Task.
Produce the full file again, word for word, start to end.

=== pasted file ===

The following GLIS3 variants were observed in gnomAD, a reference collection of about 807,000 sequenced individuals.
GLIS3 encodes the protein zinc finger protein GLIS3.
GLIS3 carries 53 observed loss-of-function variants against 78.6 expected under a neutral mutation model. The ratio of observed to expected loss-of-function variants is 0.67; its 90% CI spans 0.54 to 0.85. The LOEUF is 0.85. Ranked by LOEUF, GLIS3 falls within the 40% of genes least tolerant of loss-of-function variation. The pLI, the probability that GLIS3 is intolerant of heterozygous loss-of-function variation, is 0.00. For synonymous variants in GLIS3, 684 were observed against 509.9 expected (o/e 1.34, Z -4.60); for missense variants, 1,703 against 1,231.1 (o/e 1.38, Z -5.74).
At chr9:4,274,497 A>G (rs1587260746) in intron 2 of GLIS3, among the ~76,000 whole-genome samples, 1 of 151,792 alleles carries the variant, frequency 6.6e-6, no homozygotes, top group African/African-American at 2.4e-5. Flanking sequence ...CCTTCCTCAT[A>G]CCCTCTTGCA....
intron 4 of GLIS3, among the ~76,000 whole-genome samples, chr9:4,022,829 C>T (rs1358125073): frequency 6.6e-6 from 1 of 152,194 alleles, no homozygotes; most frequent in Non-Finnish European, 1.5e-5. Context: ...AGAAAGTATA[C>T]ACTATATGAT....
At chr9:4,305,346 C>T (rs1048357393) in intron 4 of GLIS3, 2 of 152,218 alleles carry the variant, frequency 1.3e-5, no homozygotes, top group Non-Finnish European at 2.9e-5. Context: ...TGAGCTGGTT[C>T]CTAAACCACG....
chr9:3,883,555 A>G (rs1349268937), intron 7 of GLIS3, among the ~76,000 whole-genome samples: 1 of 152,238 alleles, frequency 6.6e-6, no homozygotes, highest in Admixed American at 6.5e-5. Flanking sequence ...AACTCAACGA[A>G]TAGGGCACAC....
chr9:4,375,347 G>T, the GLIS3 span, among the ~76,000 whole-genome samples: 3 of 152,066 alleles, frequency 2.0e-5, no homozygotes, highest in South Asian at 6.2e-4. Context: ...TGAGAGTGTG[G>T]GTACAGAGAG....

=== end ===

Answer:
The following GLIS3 variants were observed in gnomAD, a reference collection of about 807,000 sequenced individuals.
GLIS3 encodes the protein zinc finger protein GLIS3.
GLIS3 carries 53 observed loss-of-function variants against 78.6 expected under a neutral mutation model. The ratio of observed to expected loss-of-function variants is 0.67; its 90% CI spans 0.54 to 0.85. The LOEUF is 0.85. Ranked by LOEUF, GLIS3 falls within the 40% of genes least tolerant of loss-of-function variation. The pLI, the probability that GLIS3 is intolerant of heterozygous loss-of-function variation, is 0.00. For synonymous variants in GLIS3, 684 were observed against 509.9 expected (o/e 1.34, Z -4.60); for missense variants, 1,703 against 1,231.1 (o/e 1.38, Z -5.74).
At chr9:4,274,497 A>G (rs1587260746) in intron 2 of GLIS3, among the ~76,000 whole-genome samples, 1 of 151,792 alleles carries the variant, frequency 6.6e-6, no homozygotes, top group African/African-American at 2.4e-5. Flanking sequence ...CCTTCCTCAT[A>G]CCCTCTTGCA....
intron 4 of GLIS3, among the ~76,000 whole-genome samples, chr9:4,022,829 C>T (rs1358125073): frequency 6.6e-6 from 1 of 152,194 alleles, no homozygotes; most frequent in Non-Finnish European, 1.5e-5. Context: ...AGAAAGTATA[C>T]ACTATATGAT....
At chr9:4,305,346 C>T (rs1048357393) in intron 4 of GLIS3, 2 of 152,218 alleles carry the variant, frequency 1.3e-5, no homozygotes, top group Non-Finnish European at 2.9e-5. Context: ...TGAGCTGGTT[C>T]CTAAACCACG....
chr9:3,883,555 A>G (rs1349268937), intron 7 of GLIS3, among the ~76,000 whole-genome samples: 1 of 152,238 alleles, frequency 6.6e-6, no homozygotes, highest in Admixed American at 6.5e-5. Flanking sequence ...AACTCAACGA[A>G]TAGGGCACAC....
chr9:4,375,347 G>T, the GLIS3 span, among the ~76,000 whole-genome samples: 3 of 152,066 alleles, frequency 2.0e-5, no homozygotes, highest in South Asian at 6.2e-4. Context: ...TGAGAGTGTG[G>T]GTACAGAGAG....